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hen I started in L&D, I must admit I’d never heard of Organisational Development

as a concept. It was at one of my industry events that I came across the term, in a talk with a few HR people passionately describing how their organisation was so good at development and this was how everyone else should do it. Now, almost 10 years on, I

wonder what’s changed. People have changed, technology has moved on, and there have been plenty of mergers and acquisitions along the way which have changed the landscape of L&D and HR, but how have organisations really developed? On the one hand, I don’t think

organisations should change for the sake of it – if it ain’t broke don’t fi x it. And on the other, change is essential for survival. It’s important to note, I think, that organisations develop at diff erent speeds. What works for one organisa- tion may not for another. And while we can talk about management buy-in for this or that development initiative, I think it’s becoming apparent that a top-down philosophy only works if the other 90% of the business’s relationship with the top is a good one. People will toe the line of their manager if they believe what their manager stands for. We the people are more adaptable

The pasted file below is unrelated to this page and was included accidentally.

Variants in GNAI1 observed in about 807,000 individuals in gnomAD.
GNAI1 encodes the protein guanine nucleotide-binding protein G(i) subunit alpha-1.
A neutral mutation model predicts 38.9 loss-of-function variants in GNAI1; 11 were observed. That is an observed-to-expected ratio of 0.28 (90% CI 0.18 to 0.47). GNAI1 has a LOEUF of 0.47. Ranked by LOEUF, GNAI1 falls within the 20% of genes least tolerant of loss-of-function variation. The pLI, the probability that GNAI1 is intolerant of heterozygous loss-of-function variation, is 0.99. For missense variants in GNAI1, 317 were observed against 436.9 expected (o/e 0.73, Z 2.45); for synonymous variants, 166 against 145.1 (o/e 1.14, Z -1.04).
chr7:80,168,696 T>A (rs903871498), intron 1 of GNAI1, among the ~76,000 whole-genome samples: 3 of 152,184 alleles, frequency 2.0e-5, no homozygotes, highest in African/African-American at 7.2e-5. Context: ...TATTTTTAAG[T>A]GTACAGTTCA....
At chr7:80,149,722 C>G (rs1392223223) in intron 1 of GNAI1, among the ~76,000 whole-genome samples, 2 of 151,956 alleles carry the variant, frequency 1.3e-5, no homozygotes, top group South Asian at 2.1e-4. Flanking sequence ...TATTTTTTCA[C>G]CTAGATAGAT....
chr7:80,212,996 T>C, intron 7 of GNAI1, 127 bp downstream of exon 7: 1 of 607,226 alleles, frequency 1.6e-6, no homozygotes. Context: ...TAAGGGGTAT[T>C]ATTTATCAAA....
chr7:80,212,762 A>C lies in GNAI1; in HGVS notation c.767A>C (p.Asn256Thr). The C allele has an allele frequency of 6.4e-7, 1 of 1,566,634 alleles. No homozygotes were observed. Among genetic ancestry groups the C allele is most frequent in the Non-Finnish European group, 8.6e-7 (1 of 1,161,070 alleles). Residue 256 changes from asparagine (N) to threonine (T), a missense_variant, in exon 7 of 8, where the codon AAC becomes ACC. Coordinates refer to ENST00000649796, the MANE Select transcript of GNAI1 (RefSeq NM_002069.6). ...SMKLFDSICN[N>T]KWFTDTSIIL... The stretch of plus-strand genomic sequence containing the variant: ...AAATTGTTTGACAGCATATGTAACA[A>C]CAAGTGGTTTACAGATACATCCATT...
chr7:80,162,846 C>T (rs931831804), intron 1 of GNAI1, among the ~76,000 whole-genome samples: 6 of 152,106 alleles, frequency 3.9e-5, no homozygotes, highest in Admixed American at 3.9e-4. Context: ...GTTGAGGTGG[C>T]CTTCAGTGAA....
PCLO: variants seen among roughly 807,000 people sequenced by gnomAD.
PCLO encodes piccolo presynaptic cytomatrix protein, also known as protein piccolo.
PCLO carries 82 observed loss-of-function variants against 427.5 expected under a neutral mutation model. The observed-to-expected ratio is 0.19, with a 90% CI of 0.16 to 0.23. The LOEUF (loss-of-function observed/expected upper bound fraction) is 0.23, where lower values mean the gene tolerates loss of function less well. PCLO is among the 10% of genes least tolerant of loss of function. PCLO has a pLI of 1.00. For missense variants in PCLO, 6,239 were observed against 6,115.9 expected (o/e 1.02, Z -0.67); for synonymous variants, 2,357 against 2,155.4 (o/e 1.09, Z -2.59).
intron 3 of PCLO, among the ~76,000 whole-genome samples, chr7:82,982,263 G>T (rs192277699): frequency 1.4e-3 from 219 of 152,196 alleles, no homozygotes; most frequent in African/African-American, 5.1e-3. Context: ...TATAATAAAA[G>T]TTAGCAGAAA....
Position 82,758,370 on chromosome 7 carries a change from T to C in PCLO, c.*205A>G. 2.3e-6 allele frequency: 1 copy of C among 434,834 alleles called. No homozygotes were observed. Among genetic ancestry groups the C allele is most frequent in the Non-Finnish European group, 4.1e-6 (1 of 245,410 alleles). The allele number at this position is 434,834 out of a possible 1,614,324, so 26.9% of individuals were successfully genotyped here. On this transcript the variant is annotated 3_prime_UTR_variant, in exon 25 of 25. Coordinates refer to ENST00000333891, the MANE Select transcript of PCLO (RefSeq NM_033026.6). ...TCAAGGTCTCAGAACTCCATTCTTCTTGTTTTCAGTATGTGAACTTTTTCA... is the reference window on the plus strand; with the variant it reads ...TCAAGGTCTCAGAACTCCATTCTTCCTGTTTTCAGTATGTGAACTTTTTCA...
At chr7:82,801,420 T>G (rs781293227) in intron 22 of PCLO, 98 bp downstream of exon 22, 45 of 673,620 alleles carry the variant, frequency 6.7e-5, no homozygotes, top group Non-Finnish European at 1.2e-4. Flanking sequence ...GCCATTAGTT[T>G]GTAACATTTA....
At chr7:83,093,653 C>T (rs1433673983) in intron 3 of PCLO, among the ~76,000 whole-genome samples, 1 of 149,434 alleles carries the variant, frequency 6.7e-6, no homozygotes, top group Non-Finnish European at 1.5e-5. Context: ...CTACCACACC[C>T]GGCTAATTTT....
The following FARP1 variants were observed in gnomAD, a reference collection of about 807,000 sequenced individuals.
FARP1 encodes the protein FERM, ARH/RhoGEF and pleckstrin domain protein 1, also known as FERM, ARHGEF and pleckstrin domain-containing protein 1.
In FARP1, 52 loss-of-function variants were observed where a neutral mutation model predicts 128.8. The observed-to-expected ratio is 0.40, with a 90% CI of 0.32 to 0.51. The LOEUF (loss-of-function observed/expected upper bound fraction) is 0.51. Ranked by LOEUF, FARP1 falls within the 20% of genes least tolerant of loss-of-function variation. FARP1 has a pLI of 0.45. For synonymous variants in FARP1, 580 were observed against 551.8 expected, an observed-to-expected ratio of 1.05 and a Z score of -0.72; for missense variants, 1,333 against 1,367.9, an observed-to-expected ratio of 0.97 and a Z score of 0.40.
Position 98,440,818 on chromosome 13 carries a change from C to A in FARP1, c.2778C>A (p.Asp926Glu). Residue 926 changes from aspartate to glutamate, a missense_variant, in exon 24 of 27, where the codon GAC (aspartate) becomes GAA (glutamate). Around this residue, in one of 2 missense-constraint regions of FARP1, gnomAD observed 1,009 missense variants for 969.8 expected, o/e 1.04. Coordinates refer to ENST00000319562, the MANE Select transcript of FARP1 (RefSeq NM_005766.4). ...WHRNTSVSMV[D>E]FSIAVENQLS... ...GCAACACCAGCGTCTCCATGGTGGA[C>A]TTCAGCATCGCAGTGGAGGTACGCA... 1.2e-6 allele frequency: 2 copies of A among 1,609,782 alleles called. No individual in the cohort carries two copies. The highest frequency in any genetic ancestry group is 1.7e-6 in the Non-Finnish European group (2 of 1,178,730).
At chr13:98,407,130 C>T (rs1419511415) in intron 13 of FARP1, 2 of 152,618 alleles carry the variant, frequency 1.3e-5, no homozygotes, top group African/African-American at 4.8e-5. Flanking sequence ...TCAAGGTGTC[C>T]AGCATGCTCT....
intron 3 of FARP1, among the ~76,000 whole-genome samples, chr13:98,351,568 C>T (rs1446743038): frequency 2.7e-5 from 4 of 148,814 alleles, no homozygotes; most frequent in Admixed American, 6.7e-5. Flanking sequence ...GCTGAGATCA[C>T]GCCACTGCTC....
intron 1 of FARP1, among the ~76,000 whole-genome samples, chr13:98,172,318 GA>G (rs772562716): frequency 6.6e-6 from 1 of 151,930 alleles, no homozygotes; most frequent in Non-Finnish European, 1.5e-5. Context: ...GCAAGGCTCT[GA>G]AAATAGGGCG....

than we give ourselves credit for, whether you’re a boomer, Gen X or the

4 | June 2017 |

current media darling, millennial. T e whole “I don’t like change” philosophy is just that: a belief and not a refl ection of innate, human, hardwired ability. I believe that people in organisa-

tions are always ready to change and develop, and contrary to polemics such as Mark Achbar’s 2003 documentary T e Corporation, businesses are not

A business needs its people to speak up and make decisions for it

sentient organisms and can’t be treated as such. A business needs its people to speak up and make decisions for it. We are the business and when we speak of OD what we really speak of is how our relationship to ‘work’ changes. What changes in the business of OD itself can be trend-oriented and needs careful scrutiny. T is is not to say that OD isn’t

worth discussion, it absolutely is, but an organisation’s success is something that is entirely within our control. We just have to know what’s best for our own organisation and choose which parts of current thinking will work for us and our business.



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